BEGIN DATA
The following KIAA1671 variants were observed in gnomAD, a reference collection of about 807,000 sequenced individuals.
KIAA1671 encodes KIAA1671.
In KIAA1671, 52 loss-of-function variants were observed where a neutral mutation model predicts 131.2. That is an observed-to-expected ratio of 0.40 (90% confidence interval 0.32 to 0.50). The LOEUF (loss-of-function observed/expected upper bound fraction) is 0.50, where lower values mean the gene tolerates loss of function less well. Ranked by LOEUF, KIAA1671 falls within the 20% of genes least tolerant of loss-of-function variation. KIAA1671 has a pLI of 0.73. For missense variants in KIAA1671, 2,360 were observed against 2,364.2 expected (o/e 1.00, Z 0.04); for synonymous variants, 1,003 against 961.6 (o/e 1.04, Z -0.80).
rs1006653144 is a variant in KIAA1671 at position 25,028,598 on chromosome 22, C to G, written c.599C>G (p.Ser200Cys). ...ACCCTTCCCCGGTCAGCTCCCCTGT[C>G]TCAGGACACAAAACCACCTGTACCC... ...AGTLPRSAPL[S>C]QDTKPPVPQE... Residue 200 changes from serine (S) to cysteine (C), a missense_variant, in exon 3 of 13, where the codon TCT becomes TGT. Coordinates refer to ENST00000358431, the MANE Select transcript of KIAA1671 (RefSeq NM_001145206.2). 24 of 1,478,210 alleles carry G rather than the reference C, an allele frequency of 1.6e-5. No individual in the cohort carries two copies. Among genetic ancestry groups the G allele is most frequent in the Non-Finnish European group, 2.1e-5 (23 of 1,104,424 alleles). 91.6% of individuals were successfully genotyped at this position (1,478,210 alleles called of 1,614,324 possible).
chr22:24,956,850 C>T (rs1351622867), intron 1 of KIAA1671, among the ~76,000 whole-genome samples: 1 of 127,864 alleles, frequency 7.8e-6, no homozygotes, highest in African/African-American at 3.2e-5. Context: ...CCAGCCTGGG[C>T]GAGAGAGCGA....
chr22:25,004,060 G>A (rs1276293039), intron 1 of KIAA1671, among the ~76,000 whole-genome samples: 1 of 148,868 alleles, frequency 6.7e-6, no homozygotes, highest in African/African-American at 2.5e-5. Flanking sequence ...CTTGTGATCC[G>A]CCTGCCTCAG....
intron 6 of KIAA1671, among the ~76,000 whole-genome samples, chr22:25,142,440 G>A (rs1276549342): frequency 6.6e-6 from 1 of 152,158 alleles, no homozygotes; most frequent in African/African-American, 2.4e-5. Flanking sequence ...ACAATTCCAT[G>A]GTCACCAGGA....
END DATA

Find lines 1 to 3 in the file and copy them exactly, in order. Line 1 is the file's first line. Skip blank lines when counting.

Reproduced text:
The following KIAA1671 variants were observed in gnomAD, a reference collection of about 807,000 sequenced individuals.
KIAA1671 encodes KIAA1671.
In KIAA1671, 52 loss-of-function variants were observed where a neutral mutation model predicts 131.2. That is an observed-to-expected ratio of 0.40 (90% confidence interval 0.32 to 0.50). The LOEUF (loss-of-function observed/expected upper bound fraction) is 0.50, where lower values mean the gene tolerates loss of function less well. Ranked by LOEUF, KIAA1671 falls within the 20% of genes least tolerant of loss-of-function variation. KIAA1671 has a pLI of 0.73. For missense variants in KIAA1671, 2,360 were observed against 2,364.2 expected (o/e 1.00, Z 0.04); for synonymous variants, 1,003 against 961.6 (o/e 1.04, Z -0.80).